Mission to the Stars, by A. E. Van Vogt
Posted January 19, 2012on:
published as a novel in 1952, based on short stories written in the 1940’s
where I got it: purchased used
With an incredibly immersive and involved story, Van Vogt manages to use very few words to imply so much about characters, the environment, and complex political situations. I was happily surprised at how few pages it took me to feel like I was “in” the story. And another happy surprise, a female main character, who is also in a position of power, along with a handful of other female officers! How wonderfully unexpected!
Grand Captain Lady Laurr Gloria Cecily commands the Earth ship Star Cluster on their ten year mapping mission of the Megallanic Cloud. As their mission comes to a close and they are readying for the interstellar trip home, they come across a lonesome weather station, manned by a suicidal meteorologist named Watcher. What is a weather station doing out in the middle of no where, where humanity has barely been, and why in the world did he kill himself after he had been given medical care on board the Star Cluster? Against the strong suggestions of the rest of the captains on the ship, Grand Captain Gloria Cecily decides to dive back into the Magellanic Cloud to search for possible colonists.
The government of Earth is a singular government, and does not tolerate any independent human colonies. Revolts are either put down, or the populations involved are killed. If there are human colonists living in the Magellanic Cloud, they will be absorbed into the government of Earth. But these people do not want to be found!
After the Grand Captain and her chief psychologist Nelsor take a guess at who these hidden people may be, the story splits, following Gloria Cecily in some chapters, and then switching to the point of view of Peter Malty, who is a “mixed man” living among the Dellians in the Cloud. It’s been nearly 15,000 years since the expulsion of the Dellian people from the galaxy. The Dellians followed a special kind of mind manipulation with the goals of intense intelligence, pure logic and unbelievably high IQs that caused many to be referred to robots, even though they were still human. Their “normal” human caretakes became known as the “non-Dellians”. In the rare event that a Dellian and non-Dellian were able to have a child, the result was a superbeing. Called the Mixed Men, these superbeings were capable of reading minds, and mentally manipulating others with ease.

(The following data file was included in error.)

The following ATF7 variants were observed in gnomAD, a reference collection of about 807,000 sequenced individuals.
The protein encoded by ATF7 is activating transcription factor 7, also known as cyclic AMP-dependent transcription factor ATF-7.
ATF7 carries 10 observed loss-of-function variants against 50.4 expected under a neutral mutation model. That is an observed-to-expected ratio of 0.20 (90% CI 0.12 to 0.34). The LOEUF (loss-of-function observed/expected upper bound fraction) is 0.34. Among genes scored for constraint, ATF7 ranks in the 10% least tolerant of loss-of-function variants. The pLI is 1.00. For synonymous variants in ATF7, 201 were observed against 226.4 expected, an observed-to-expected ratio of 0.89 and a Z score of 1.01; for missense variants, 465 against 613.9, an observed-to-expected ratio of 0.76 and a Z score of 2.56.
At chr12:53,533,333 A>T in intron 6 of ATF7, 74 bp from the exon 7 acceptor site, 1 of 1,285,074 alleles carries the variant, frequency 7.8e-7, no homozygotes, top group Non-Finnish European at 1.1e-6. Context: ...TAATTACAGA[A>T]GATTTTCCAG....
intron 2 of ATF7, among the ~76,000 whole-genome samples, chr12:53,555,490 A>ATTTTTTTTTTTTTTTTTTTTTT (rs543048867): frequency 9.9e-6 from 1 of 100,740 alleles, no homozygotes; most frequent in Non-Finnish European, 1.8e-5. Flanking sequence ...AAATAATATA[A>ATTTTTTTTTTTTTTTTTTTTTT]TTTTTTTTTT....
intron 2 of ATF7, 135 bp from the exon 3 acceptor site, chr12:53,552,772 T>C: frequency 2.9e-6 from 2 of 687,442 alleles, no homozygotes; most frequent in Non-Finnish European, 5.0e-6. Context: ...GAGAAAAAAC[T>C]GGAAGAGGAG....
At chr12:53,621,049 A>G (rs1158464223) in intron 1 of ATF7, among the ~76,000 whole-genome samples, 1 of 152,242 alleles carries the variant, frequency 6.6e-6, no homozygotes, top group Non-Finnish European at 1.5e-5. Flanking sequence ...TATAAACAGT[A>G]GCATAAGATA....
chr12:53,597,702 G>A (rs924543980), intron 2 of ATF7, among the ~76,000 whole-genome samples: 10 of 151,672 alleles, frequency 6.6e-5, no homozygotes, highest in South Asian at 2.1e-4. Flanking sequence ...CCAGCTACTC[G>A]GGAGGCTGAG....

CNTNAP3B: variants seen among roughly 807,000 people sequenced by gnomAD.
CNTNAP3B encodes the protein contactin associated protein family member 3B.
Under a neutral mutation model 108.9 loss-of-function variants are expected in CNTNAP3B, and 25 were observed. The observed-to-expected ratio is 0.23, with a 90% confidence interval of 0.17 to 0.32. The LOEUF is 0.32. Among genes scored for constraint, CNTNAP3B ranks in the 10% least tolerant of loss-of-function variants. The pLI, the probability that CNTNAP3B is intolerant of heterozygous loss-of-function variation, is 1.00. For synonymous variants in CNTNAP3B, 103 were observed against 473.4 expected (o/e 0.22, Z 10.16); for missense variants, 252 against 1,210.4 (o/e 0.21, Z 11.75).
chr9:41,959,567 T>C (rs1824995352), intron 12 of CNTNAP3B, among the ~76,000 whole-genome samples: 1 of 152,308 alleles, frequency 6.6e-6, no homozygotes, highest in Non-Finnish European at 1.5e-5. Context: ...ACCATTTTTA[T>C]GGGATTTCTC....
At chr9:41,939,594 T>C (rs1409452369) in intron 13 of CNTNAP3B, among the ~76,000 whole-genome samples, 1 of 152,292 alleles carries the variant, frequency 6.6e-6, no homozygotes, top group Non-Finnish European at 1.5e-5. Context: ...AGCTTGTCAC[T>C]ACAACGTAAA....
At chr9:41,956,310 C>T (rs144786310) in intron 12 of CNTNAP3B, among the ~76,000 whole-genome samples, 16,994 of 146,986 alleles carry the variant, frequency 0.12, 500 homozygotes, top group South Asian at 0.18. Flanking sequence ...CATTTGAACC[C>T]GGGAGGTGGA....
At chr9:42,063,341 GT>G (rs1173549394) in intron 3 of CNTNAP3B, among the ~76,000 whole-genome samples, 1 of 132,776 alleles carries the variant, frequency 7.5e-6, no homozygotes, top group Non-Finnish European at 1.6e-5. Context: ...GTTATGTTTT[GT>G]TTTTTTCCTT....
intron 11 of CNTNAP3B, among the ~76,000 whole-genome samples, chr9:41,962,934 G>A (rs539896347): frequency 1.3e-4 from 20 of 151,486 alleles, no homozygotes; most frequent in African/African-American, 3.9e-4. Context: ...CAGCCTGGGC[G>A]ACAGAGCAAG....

Curiousity for the Mixed Men turned into fear, which quickly led to hatred, extermination and expulsion. The Dellians, non-Dellians, and secretive Mixed Men have been living in hiding in the Magellanic Cloud for the last 15,000 years. Perhaps in another fifteen thousand, the Mixed Men will be seen as equals by their own people. Until then, Maltby and his underground can only plan, and wait.
With his superbeing powers, Maltby allows his ship to be captured by the Star Cluster. His goal is to slowly take over the minds of the crew so he can learn about these humans, and destroy them if necessary. Once Chief psyhcologist Nelsor figures out his plan, she comes up with something so much more subtle.
See how quickly this gets complicated? And I haven’t even told you anything yet about the space weather and the technologies on board the ship, not to mention the politics of the Dellian culture and the dangers of the Mixed Men.
And yes, there is weather.The ship has entire departments of astrogators and meteorologists, analyzing and mapping storms. It’s someone what explained, but I believe the “Storms” they are trying to avoid are radiation and other waves that would blast out of supernovae? Again, not sure, and scientists probably had no idea at the time what “space weather” might have entailed, or not. The references to astrogators and meteorologists lent a deliciously nostalgic feeling to the whole story, like we were on a giant sea-going ship in the middle of an endless ocean, with only the night sky to guide the way.
Van Vogt couldn’t possibly have been the first science fiction author to come up with the idea of a “transporter”, but his definitely is the coolest. Called the “matter transmitter”, it breaks you down into your bits and pieces, send the bits and pieces to where you want to go, and then puts you back together again. Grand Captain Lady Laurr Gloria Cecily uses it all the time to get from one part of the ship to the another, because this ship is miles long (It kept bringing to mind the infamous line “The ship is too big. If I walk, the movie will be over”). But here’s the brilliant part, that I wish Star Trek had latched onto: because you are being scrambled back together again at the other side, who is to say you have to be put back together again exactly the way you were? These future humans use the Matter Transmitter as a medical device, fixing war wounds and injuries as they are transporting people. How brilliant is that?
The first two thirds or so of Mission to the Stars was absolutely incredible. Immersive, imaginative, innovative, I loved it and couldn’t put it down. The end of the story takes an incongruous direction and gets very strange and disconnected, proving this was indeed one of Van Vogt’s “fix-ups”, where he took a handful of short stories that followed the same characters and attempted to smush them into one coherent novel. But all in all, Mission to the Stars was a total winner, probably one of my better Vintage/golden age reads yet!